Inspiration: The Madness of Mr. Crouch - with John Green (Book 4, Chapter 28)

This week, Casper and Vanessa are joined by the one and only John Green for an exciting conversation on inspiration and creativity! They learn that John Green almost went to Divinity School because he cared about facilitating interreligious dialogue. John and Vanessa bonded over their shared experience of fainting the first day on the job as chaplains. 

The three take part in a conversation about inspiration. John tells us that he doesn’t get inspiration from “thunderclap moments,” but rather stiches together “tiny ideas.” Vanessa looks at this thought through the lens of spiritual practice. There should be a “ritual of honoring those moments,” she says. Then we should have the “discipline” to sit down and bring those pieces together. 

After Casper, Vanessa, and John all give excellent 30 second recaps that provide us with key moments in the chapter, they relate the Imperius curse to our everyday lives and capacity for creativity. 

Like Barty Crouch, we often live our lives as through we were under the Imperius curse; however, we have moments of clarity and inspiration. It’s our job to follow through on these moments, Vanessa says. John advocates for us to get past the mundane, everyday habits that we get into and to seek out moments of inspiration. 

Breaking out of the mundane can be scary and isolating, the hosts point out. We can feel exposed, Casper says, because “the fundamental rules of the world don’t apply.” John agrees, adding, “There’s a mortification that accompanies trying to make anything”—we fear that it will be considered cheesy or embarrassing. Vanessa adds that such isolation can be an expression of the desire to connect. “Hermione’s desire is to connect with the house elves and to have a more integrated society,” she points out. “She is willing to remain in isolation for the hope of connection.”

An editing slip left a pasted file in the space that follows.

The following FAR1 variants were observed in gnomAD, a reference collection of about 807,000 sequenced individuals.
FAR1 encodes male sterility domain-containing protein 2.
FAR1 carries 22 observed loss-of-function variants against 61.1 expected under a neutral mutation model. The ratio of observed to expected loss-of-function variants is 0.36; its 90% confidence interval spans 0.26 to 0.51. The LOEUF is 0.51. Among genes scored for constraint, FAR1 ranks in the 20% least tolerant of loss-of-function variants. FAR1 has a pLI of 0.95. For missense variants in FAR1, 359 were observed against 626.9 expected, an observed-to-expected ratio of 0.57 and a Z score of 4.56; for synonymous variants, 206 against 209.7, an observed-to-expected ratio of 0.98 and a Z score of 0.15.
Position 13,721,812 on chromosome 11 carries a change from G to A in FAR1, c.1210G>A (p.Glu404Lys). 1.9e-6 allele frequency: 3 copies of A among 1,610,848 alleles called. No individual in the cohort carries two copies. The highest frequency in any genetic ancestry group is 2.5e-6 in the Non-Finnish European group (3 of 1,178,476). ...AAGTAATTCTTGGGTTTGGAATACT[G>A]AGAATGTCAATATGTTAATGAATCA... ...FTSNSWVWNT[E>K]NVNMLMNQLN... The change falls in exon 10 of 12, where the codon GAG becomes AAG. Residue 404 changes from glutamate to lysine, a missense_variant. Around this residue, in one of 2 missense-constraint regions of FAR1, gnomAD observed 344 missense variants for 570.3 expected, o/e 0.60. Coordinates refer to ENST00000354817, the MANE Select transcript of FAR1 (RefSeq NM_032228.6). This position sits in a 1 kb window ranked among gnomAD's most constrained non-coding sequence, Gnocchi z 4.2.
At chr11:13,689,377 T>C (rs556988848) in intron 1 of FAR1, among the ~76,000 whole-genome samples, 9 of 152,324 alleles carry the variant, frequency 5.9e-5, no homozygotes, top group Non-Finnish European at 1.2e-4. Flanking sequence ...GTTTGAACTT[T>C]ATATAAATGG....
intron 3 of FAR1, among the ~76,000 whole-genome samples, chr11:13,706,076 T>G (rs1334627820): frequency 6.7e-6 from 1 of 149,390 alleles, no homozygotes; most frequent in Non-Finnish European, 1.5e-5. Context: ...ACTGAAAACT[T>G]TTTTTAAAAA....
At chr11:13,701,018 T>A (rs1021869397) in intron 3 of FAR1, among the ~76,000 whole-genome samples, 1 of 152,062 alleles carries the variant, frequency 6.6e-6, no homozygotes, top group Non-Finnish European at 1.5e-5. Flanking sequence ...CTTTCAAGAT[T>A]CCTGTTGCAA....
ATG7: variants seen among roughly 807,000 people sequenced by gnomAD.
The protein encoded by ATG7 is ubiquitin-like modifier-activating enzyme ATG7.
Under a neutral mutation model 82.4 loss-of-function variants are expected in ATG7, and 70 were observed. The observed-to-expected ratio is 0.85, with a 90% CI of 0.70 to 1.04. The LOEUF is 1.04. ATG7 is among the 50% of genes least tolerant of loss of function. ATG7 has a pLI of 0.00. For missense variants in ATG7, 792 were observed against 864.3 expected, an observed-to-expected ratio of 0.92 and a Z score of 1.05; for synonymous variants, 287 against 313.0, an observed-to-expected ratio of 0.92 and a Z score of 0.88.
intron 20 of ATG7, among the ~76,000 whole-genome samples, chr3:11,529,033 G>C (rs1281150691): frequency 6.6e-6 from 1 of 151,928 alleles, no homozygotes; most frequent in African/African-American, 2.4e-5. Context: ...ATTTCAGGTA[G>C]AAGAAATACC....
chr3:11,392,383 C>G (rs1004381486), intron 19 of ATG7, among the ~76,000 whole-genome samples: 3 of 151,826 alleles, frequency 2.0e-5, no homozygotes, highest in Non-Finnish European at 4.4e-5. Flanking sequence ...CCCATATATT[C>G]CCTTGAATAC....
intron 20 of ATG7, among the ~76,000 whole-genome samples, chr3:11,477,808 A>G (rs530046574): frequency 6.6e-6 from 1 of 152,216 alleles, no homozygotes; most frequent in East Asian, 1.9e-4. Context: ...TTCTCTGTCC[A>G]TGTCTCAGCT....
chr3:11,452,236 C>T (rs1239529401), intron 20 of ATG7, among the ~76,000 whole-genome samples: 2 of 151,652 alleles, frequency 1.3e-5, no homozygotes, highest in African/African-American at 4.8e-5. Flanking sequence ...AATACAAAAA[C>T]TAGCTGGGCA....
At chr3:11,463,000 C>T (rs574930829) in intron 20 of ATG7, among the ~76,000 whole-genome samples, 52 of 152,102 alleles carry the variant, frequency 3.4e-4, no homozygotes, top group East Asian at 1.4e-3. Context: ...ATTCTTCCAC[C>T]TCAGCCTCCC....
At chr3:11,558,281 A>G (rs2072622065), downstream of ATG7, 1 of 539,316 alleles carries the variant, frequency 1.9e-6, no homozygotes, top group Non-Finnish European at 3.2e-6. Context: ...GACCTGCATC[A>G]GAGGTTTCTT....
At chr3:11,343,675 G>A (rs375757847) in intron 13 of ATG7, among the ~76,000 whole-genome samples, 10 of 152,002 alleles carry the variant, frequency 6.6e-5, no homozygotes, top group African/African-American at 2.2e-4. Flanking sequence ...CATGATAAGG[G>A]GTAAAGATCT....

Creativity is complicated, the three point out. There are sacrifices we have to make when it comes to creativity; we run the risk of isolating ourselves from others. Creativity isn’t simple. It emerges strongest in the most difficult times of our lives. And it is ultimately, a reminder of our humanity.

This week’s spiritual practices is Lectio Divina. John randomly chooses this sentence: “The rest of the class was very eager to leave; Moody had given them such a rigorous test of hex deflection that many of them were nursing small injuries.” He points out that we carry within ourselves the potential to inflict significant harm and tremendous love.

The group finishes off the episode with blessings; Casper provides one for Victor Krum, Vanessa for Winky, and John for Harry Potter. 

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